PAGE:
Glasgow Subway revamp plan to get £246m from government
Plans to completely revamp Glasgow's ageing subway system are to be backed by £246m from the Scottish government.
The funding will provide the majority of the estimated £287.5m cost, which will see all 15 stations redeveloped and new driverless trains brought in.
Disabled access will also be improved on the six-mile long system and a smartcard ticketing system added.
The rest of the cost, about £41.5m, will be met by operator Strathclyde Partnership for Transport (SPT).
It will raise finance by borrowing against existing assets, with the Scottish government acting as guarantor.
SPT chairman Jonathan Findlay said government cash meant the organisation's vision for the future of the Subway would be realised.
"Massive changes are coming down the line for the Subway and we've already committed millions to station upgrades, new escalators and smart card ticket technology as well as behind the scenes repairs to tunnels and track beds.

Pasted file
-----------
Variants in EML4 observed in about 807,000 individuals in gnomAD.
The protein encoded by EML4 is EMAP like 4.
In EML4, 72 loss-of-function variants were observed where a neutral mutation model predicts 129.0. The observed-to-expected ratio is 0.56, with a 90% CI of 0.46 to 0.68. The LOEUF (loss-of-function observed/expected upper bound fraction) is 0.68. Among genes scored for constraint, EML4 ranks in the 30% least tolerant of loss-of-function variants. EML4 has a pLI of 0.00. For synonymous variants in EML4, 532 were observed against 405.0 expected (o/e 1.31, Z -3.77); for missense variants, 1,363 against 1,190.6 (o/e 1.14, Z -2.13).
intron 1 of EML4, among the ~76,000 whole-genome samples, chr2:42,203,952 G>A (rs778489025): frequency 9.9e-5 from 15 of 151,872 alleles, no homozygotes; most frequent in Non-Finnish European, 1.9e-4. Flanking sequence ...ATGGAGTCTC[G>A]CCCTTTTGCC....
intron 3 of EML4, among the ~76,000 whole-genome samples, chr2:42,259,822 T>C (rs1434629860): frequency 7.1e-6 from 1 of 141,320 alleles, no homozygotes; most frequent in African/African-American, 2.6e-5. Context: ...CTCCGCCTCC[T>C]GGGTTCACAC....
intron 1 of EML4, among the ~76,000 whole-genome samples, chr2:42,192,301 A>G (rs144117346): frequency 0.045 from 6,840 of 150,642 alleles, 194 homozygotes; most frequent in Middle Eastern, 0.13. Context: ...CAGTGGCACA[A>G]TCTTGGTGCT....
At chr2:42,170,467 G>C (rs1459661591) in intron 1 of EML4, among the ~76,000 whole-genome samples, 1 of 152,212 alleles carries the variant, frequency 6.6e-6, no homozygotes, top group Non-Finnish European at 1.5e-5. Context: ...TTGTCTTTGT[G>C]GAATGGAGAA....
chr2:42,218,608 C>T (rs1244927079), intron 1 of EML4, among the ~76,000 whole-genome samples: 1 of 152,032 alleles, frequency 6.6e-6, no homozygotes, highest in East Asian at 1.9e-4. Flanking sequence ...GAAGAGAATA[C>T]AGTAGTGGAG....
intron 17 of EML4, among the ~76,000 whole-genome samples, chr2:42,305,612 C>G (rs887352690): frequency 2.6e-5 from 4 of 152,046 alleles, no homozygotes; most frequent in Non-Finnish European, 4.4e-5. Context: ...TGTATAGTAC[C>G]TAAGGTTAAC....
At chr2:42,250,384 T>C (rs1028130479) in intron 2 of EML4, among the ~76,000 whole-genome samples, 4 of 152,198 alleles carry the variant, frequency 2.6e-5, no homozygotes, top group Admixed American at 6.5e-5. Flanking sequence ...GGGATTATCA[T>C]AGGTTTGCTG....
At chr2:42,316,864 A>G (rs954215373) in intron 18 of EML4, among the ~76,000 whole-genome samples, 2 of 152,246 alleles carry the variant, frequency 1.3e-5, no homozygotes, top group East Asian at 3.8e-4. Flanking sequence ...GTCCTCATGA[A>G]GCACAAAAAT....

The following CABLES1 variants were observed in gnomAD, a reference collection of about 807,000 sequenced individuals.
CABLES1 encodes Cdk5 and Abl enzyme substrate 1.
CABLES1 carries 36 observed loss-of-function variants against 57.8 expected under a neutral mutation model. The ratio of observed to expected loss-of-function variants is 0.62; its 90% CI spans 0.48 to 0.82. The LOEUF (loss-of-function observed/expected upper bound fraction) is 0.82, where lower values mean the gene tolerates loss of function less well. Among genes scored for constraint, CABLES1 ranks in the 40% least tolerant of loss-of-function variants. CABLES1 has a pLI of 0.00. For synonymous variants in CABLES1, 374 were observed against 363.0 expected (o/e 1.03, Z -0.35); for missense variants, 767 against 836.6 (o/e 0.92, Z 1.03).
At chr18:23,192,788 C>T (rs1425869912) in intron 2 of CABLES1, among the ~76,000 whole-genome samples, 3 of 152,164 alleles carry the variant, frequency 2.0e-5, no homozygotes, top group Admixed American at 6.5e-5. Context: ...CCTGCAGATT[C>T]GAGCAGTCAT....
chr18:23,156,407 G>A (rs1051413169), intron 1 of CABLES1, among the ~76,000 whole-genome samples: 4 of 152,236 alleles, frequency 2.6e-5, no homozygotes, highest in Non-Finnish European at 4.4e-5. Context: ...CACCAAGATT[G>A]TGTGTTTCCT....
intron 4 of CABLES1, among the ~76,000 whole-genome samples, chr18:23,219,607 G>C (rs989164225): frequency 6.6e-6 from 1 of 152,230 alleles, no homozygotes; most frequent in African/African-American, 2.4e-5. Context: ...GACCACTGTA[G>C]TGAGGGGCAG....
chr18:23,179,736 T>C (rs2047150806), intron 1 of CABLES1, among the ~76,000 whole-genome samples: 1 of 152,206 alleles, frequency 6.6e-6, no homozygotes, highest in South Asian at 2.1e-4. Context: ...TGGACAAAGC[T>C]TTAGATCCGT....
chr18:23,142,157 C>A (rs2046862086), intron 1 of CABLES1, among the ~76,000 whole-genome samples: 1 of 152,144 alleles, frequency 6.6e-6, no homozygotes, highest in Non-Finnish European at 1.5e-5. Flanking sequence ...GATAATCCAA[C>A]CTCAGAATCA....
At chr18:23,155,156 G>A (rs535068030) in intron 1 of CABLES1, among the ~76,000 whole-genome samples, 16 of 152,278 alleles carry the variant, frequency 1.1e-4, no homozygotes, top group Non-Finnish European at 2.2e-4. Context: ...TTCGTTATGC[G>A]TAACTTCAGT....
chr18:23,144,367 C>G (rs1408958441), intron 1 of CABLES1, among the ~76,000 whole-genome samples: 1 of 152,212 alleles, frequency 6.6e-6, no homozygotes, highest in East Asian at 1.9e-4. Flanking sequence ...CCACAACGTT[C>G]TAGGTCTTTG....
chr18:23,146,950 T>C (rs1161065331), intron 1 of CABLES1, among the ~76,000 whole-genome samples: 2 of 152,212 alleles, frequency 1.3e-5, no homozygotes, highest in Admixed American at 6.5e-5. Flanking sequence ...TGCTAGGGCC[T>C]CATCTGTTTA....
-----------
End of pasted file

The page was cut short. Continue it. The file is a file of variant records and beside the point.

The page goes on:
"Tendering for the new bespoke driverless trains and signalling that could improve how often our trains run has already begun and we've received submissions from world class firms.
"Working practices are also being addressed to make the Subway's operation more flexible and we are fully aware of the challenges that lie ahead."
Cabinet Secretary for Infrastructure and Capital Investment, Alex Neil, said: "The subway has been at the very heart of Glasgow for 115 years, but the time has come to make this icon of Scottish transport fit for the 21st century.
"This money will enable SPT to deliver new bespoke trains, to refurbish stations, to upgrade signals and improve accessibility for passengers.
"It will deliver the service passengers need to go about their business quickly and effectively and boost Glasgow's economy."